Budget 2020: Access to uninterrupted and affordable electricity will be key to achieve India’s $5 trillion economy goal
India will not be able to achieve a self-sustaining energy future without disruption in its energy distribution model
Access to reliable and affordable electricity will be key to achieve India’s $5 trillion economy goal
Private sector participation in the power transmission sector is another success story that has brought down tariffs by 40 percent and ensured timely completion of projects
For a robust energy ecosystem, major reforms are required in the distribution sector
India has come of age in the last decade. She found her identity on a global stage. When faced with a vacuum of global leadership towards climate action, she took charge of ambitious targets for renewable energy generation and played a crucial role in the formation of the International Solar Alliance—a group of 121 ‘sunshine’ countries. Most importantly, India announced its ambitious plan to be a $ 5 trillion economy by 2024-25.
Access to reliable and affordable electricity will be key to achieve India’s $5 trillion economy goal. The Economic Survey 2018-19 pointed out that India lags significantly in energy usage compared to the global average. India needs to increase its per capita energy consumption three-fold to meet the rising aspirations of its people. China, for example, witnessed a steady increase in its per capita energy consumption between 1961-2017 as its economy started booming. There is a strong positive correlation between energy consumption and economic growth. An increase of per capita energy consumption by 2.5 times will help India accelerate its real per capita GDP to $ 5000.
As India seeks to accelerate its growth momentum, here are three recommendations for the upcoming Union Budget 2020-21:
1) Big Bang style power distribution reforms: Let’s address the elephant in the room. India will not be able to achieve a self-sustaining energy future without disruption in its energy distribution model. Mounting losses, billing inefficiencies and power theft have created financial stress for the distribution sector.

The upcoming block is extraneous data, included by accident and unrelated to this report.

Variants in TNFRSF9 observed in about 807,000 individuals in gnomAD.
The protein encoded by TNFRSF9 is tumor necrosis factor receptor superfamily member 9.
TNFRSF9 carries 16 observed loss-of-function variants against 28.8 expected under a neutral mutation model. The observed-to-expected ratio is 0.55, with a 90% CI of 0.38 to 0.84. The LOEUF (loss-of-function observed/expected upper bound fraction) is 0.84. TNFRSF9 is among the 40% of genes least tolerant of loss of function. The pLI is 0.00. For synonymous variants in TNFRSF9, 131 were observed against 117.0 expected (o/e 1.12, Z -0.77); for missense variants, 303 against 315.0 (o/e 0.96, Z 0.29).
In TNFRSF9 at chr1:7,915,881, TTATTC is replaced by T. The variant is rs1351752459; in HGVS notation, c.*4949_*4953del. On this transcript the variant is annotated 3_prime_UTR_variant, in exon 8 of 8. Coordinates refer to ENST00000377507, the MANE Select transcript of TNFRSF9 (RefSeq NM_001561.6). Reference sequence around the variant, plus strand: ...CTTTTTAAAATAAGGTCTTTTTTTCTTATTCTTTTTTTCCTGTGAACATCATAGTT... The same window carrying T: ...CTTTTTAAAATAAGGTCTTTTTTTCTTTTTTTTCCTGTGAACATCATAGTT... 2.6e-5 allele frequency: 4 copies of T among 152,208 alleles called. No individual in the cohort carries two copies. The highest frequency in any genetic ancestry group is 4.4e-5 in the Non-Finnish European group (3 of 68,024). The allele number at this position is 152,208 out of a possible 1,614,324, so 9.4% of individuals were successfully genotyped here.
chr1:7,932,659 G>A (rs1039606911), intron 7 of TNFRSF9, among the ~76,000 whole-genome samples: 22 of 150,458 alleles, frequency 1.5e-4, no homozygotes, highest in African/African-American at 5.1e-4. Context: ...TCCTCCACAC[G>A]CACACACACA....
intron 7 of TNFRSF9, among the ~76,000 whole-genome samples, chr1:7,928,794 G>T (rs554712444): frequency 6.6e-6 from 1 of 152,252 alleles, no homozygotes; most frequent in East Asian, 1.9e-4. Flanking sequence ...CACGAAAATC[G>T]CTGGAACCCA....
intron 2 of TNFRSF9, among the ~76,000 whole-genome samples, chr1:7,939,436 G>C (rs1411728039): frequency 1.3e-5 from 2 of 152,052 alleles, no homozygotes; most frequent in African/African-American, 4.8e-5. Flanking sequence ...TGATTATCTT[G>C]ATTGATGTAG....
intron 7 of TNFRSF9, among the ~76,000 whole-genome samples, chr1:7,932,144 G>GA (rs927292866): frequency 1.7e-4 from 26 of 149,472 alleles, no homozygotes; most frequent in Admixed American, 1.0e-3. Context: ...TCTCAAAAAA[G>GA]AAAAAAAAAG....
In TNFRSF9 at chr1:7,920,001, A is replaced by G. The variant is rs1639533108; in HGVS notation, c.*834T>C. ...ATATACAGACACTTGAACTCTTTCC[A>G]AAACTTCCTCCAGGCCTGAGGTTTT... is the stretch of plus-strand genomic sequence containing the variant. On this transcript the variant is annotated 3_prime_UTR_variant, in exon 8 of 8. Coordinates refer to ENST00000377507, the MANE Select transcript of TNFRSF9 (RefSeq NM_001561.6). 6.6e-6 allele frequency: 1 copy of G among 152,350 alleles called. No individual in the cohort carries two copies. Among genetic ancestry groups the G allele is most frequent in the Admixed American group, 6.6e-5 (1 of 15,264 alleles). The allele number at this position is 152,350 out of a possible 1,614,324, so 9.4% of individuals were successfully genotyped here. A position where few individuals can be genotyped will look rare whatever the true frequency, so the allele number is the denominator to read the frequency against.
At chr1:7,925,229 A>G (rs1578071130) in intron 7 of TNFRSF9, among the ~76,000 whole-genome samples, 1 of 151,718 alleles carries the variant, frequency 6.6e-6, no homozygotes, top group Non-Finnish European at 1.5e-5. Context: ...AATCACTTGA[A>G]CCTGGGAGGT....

Imagine, you are a telecom customer and are unhappy with a certain service provider. You have an option to switch to other operators through mobile number portability. The power distribution sector, unfortunately, does not offer this option. Like in the telecom sector, privatisation will be central to revamping the power distribution sector. This will not only increase competition but will also ensure operational efficiency, increased focus on customer satisfaction and streamlined delivery of services. We already have examples of private sector participation in cities such as Mumbai, Delhi, Kolkata and Ahmedabad, where losses have narrowed, and high-quality power supply is a reality.
Private sector participation in the power transmission sector is another success story that has brought down tariffs by 40 percent and ensured timely completion of projects. For a robust energy ecosystem, major reforms are required in the distribution sector. Any further reforms upstream (in generation) will not yield any benefit unless the last mile is fixed. And, passing on subsidies to needy consumers should be done through the Direct Benefit Transfer route as done for LPG already.
2) Regional collaboration in power-sharing: Prime Minister Narendra Modi has made a strong pitch for connecting solar energy supply across borders with his vision of ‘One World, One Sun, One Grid.’ With the realisation of long-distance undersea transmission lines, regions in South East Asia and Middle East can be connected to one grid. To support this vision of the intercontinental grid, which leverages the time zone differences between various countries for the trading of power, India should take a lead by setting up a $10 billion Viability Gap Funding (VGF) for creation of intercontinental grids. This can be used to explore innovative solutions through a competitive route and make India a hub for Renewable Energy sharing in the region.
3) Boosting infrastructure financing: India has a reasonably high rate of savings at nearly 31.6 percent of the GDP. Over 60 percent of this is in household savings, while the remaining 40 percent is invested in financial assets such as currency, deposits, insurance and pension funds. India has Rs 14 lakh crore sitting idle in pension funds. We can learn from global best practices and channelise this for investment into infrastructure which has a cascading effect on the overall economy. This is also a win-win for pensioners as they can enjoy a better yield.
Canadian and Korean pension funds, for example, have been aggressively deploying capital into infrastructure projects in both domestic and international assets. This can dramatically boost the availability of capital and also provide better returns to pensioners as compared to pure debt investments. The recovery in infrastructure activity, supported by robust investments, will give the economy the much-needed impetus and help us march towards the $ 5 trillion mark.
(The author is Managing Director, Sterlite Power and the Chairman of CII core committee on transmission)
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